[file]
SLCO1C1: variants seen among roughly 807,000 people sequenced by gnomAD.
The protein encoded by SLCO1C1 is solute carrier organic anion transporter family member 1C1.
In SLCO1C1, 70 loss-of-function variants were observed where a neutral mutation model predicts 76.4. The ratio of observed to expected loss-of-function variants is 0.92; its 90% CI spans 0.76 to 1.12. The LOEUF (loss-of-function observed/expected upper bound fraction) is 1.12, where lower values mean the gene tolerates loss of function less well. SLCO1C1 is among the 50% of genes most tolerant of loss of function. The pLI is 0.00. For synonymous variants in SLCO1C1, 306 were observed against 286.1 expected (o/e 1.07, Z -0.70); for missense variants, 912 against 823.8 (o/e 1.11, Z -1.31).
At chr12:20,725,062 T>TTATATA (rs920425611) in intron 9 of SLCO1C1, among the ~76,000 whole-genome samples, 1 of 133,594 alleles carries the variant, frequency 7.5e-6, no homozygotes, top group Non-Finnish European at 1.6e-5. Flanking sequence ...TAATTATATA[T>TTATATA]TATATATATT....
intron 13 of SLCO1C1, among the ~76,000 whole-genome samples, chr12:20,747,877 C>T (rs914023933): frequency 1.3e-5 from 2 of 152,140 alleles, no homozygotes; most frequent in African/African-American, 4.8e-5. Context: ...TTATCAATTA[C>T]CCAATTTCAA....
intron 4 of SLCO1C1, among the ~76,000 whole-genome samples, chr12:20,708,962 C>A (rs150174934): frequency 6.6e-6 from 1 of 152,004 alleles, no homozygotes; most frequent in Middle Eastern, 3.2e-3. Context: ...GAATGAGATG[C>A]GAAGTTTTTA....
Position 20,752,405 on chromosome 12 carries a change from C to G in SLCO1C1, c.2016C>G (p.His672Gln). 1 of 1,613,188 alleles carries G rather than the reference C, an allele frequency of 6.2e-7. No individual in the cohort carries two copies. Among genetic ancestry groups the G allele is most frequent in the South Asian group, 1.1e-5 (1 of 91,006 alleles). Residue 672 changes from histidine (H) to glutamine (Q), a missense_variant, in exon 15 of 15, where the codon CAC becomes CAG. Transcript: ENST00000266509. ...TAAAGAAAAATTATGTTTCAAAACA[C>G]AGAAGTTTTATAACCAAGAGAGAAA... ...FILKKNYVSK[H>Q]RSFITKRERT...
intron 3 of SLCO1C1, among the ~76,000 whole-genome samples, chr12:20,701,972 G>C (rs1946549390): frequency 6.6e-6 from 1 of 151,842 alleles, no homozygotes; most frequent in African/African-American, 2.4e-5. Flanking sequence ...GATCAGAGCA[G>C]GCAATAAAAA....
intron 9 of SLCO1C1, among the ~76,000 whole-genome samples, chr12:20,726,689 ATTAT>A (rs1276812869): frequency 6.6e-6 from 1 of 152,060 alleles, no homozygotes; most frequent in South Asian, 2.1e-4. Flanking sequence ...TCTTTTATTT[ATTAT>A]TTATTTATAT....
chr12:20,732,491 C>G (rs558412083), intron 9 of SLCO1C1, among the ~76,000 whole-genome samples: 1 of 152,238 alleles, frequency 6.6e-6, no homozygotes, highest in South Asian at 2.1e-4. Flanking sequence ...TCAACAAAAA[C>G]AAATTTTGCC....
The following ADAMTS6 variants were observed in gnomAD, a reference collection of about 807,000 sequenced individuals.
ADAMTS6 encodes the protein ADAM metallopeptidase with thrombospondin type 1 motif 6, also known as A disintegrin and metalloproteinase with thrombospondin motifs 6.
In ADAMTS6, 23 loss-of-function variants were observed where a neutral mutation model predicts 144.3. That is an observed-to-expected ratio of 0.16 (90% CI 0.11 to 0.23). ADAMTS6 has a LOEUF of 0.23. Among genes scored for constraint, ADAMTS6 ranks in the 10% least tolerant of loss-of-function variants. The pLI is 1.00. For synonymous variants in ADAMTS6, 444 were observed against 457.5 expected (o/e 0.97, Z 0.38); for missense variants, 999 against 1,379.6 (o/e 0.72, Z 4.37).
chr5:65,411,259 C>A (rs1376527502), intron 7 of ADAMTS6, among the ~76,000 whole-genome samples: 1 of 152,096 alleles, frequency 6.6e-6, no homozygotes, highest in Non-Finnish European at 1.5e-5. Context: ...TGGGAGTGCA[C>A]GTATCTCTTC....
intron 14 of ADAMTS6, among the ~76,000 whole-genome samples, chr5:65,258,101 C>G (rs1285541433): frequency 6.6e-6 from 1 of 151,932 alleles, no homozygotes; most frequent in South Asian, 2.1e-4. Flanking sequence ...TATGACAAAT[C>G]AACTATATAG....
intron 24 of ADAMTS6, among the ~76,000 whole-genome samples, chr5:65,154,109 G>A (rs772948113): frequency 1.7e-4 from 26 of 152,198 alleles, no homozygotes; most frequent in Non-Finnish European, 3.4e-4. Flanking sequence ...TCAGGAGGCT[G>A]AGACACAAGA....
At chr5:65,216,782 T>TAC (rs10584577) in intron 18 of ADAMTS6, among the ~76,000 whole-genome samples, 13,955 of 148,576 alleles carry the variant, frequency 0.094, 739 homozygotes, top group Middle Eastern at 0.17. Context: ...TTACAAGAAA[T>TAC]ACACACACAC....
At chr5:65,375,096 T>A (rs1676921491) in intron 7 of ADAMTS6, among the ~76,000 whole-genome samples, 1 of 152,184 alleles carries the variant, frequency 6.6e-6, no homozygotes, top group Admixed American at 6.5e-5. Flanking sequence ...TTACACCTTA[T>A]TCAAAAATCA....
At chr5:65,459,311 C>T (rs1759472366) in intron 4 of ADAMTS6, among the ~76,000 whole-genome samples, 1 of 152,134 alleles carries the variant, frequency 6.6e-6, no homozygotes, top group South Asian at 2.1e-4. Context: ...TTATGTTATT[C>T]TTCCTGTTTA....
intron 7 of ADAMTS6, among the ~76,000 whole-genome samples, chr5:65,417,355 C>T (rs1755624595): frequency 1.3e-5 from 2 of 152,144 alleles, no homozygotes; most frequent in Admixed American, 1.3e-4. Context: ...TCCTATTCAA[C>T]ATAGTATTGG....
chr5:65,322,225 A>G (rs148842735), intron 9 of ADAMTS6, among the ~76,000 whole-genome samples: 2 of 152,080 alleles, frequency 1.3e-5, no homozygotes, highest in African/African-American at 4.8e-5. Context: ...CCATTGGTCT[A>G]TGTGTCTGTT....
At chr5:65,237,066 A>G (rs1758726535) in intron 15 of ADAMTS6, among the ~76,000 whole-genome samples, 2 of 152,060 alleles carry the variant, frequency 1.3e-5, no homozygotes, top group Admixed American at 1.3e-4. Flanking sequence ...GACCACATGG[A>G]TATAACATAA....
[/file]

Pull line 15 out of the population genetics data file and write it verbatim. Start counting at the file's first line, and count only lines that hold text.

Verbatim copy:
intron 14 of ADAMTS6, among the ~76,000 whole-genome samples, chr5:65,258,101 C>G (rs1285541433): frequency 6.6e-6 from 1 of 151,932 alleles, no homozygotes; most frequent in South Asian, 2.1e-4. Flanking sequence ...TATGACAAAT[C>G]AACTATATAG....